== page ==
This issue delves into the opportunities virtual reality offers global learning, exploring the ways it can transport students to places around the world even when travel isn’t possible. Also inside: how to support neurodiverse students; why we need to bring public policy into science classes; and what true lifelong learning looks like.
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In this issue: The tenuous position of adjunct faculty and how it negatively affects student learning and endangers academic freedom. Also inside: Students rise to the challenges of the pandemic; diverse identities in the Nuevo South; and why we need a science-proficient society.
Looking to improve faculty retention? This issue explores how a strong mentoring program can make a difference. Also in this issue: Extremist threats to colleges and ways to respond. Plus, controversies over common reading programs, and how to get (distracted) students’ attention.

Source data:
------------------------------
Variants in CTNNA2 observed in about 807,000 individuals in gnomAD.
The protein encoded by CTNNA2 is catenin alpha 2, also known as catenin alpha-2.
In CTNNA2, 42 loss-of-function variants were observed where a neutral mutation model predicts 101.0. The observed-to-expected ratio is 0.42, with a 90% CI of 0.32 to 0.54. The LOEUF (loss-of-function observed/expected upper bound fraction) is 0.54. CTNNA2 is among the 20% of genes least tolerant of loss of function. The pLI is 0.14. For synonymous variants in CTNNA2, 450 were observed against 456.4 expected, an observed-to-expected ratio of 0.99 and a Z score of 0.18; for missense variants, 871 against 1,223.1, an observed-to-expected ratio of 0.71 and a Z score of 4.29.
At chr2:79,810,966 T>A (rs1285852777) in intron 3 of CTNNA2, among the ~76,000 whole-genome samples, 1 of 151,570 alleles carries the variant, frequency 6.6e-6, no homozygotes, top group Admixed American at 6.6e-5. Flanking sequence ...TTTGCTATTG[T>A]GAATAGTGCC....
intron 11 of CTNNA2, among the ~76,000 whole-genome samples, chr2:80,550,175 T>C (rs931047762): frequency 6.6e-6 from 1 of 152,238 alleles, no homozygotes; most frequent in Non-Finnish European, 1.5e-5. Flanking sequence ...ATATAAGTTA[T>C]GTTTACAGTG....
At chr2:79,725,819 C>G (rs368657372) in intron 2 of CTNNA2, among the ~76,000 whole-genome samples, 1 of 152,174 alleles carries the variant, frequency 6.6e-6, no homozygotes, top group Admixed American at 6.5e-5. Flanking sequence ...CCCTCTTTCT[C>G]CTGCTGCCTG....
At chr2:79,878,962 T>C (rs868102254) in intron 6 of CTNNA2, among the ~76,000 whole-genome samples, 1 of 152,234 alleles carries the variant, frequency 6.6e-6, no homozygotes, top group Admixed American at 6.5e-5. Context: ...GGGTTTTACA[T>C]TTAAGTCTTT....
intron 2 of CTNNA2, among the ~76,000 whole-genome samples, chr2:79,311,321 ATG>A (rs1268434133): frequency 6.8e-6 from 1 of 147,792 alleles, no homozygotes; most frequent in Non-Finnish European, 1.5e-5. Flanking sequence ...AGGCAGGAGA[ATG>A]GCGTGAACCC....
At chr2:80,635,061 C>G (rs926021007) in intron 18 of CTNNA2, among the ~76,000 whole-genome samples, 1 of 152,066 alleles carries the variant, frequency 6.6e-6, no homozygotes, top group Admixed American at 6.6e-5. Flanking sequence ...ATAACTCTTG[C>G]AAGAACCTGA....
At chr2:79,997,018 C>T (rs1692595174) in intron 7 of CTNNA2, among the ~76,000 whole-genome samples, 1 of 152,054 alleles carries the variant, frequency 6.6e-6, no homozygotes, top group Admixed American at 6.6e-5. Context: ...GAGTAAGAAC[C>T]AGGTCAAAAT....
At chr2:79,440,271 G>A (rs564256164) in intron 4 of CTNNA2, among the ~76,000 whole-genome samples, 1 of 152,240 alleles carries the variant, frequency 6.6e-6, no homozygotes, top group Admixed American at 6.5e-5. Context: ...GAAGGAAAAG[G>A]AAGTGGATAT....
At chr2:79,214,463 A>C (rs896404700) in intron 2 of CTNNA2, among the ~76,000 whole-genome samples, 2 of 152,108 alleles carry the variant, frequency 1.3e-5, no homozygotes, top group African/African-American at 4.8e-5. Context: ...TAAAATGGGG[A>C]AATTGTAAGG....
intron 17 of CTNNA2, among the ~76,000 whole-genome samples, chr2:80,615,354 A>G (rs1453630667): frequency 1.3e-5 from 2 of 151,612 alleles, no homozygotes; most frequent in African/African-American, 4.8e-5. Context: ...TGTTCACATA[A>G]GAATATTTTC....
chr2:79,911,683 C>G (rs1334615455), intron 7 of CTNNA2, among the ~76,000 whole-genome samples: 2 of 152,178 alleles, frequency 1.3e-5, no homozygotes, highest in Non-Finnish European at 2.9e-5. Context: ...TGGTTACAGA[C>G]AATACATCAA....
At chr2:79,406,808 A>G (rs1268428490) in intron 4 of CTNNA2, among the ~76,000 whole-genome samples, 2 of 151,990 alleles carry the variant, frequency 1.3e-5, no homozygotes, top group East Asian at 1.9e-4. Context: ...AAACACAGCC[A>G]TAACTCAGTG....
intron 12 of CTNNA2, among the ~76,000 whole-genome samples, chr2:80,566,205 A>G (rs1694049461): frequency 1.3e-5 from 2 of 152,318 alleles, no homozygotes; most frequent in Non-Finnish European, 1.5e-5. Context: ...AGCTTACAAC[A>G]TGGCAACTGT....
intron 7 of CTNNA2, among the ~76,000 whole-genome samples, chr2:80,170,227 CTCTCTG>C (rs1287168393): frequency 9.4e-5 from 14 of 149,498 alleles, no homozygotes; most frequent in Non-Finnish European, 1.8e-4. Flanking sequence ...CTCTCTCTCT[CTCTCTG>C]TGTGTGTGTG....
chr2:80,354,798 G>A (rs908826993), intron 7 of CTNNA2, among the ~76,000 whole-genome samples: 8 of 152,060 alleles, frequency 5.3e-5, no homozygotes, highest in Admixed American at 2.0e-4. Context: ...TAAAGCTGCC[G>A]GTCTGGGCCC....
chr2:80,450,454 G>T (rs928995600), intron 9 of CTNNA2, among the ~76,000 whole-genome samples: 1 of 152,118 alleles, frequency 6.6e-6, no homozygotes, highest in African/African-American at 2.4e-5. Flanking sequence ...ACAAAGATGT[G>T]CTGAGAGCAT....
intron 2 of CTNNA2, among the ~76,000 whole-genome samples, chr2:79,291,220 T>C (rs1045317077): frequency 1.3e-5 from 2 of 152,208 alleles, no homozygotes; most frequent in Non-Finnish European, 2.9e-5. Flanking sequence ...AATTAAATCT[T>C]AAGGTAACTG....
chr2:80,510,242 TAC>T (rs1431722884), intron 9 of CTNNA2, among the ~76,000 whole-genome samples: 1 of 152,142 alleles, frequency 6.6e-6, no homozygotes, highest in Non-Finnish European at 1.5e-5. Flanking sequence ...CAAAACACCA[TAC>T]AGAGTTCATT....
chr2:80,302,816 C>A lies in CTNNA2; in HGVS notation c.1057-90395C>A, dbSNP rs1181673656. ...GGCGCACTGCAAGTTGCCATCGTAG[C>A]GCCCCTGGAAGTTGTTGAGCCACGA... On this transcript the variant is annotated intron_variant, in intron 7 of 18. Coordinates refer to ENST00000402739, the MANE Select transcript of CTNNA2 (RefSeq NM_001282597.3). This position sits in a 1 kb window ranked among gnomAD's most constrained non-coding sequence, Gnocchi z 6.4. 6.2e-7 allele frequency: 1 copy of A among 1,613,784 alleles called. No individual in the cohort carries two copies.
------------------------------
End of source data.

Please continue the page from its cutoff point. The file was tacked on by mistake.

Is a college degree worth it, despite the money and time involved? The answer depends upon whom you ask. This issue presents findings from recent surveys of the general public and employers about the value of higher education, as well as several articles that explore the critical role that liberal education plays in preparing today’s students to be the workers and active citizens of the future.
Amid the pandemic, nearly six in ten students lack basic needs. Students enduring hunger are twice as likely to fail out. More than seven hundred campuses have food banks—but are colleges and universities doing enough? This issue takes a look at establishing campus food banks and their role during and after the pandemic. Also in this issue: Two policy experts offer their thoughts and assessments about higher education under the Biden administration. Clemson University looks back to move forward on intercultural communication efforts. Faculty deploy a curriculum to combat misinformation. Students learn to map environmental racism. And one solution for tackling student cheating? Rethink assignments.